APO-HSV-2/HIVProject reference: 221246
Funded under :
Double infection by HSV-2 and HIV: how does HSV-2 infection facilitate for HIV infection?
Total cost:EUR 232 646,6
EU contribution:EUR 232 646,6
Topic(s):PEOPLE-2007-2-1.IEF - Marie Curie Action: "Intra-European Fellowships for Career Development"
Call for proposal:FP7-PEOPLE-2007-2-1-IEFSee other projects for this call
Funding scheme:MC-IEF - Intra-European Fellowships (IEF)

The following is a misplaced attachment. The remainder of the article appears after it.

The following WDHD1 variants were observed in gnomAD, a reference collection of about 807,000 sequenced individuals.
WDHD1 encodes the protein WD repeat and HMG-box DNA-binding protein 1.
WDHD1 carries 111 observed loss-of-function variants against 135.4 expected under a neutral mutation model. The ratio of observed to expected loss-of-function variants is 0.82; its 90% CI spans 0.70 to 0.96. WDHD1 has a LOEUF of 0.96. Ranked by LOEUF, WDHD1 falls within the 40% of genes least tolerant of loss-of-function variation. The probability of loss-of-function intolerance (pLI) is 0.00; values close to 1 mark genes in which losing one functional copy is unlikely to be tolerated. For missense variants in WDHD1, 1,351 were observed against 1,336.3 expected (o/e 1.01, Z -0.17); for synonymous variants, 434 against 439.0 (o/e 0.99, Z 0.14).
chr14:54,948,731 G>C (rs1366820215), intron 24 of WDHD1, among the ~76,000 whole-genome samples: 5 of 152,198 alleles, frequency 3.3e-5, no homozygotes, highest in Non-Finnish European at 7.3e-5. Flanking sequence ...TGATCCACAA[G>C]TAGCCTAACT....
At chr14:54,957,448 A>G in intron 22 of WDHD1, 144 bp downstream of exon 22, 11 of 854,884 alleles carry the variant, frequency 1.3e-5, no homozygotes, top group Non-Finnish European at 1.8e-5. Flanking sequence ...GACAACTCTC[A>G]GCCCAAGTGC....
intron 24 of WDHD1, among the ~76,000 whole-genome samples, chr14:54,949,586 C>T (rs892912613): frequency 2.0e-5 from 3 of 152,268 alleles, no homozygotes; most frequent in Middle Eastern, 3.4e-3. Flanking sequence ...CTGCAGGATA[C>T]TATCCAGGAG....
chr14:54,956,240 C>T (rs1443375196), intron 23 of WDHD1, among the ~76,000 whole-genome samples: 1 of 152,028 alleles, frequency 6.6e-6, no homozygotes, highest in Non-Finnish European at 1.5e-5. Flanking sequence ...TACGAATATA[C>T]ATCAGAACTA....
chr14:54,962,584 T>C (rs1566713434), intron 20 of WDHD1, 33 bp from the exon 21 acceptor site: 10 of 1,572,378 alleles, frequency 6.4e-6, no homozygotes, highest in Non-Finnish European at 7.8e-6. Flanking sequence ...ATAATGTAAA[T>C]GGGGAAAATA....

"Globally, more than 40 million people are currently infected with HIV-1, with the vast majority of infections initiated at mucosal surfaces and approximately half of the world people now living with HIV are women. Herpes simplex type 2 (HSV-2) is one of the most common sexually transmitted viral diseases (STD) with an estimated prevalence of up to 50% among the female population worldwide giving rise to genital lesions and ulcers. Genital tract inflammation due to STD, such as HSV-2, increases expression of HIV receptors and co-receptors on all the resident target cells in genital mucosa. Apoptosis and apoptotic proteins, such as Fas have been showed to participate in homeostatic maintenance of vaginal epithelium. Considering the fact that disruption of the integrity of the vaginal mucosa resulting from HSV-2 heightens the risk of HIV transmission and may involve exacerbation of apoptosis mechanisms it is necessary to test how apoptosis during HSV-2 infection may add to disruption of vagina epithelium integrity and therefore, how it influences the outcome of double HIV-1/HSV-2 infection. To gain knowledge on this pathogenic scenario I will (i) identify the influence of HSV-2 on apoptosis and disruption of the vaginal mucosa using a mouse model of HSV-2 infection, (ii) examine the contribution of Fas and other receptors of the TNF family to vaginal epithelium lesions during HSV-2 infection (iii) analyze how HSV-2 infection can add to HIV-1 infection using double infection model of mice infected with HSV-2 and HIV-1/murine leukaemia A4070 pseudotype virus. Whenever applicable the relevance of the results obtained in the animal models will be verified in biopsy material from HSV-2 infected women. I expect that disclosure of the mechanisms responsible for increased susceptibility to HIV infection in HSV-2 infected women at the level of vaginal epithelial function will provide knowledge and opportunity to develop effective, affordable anti-HIV prophylactic therapy"
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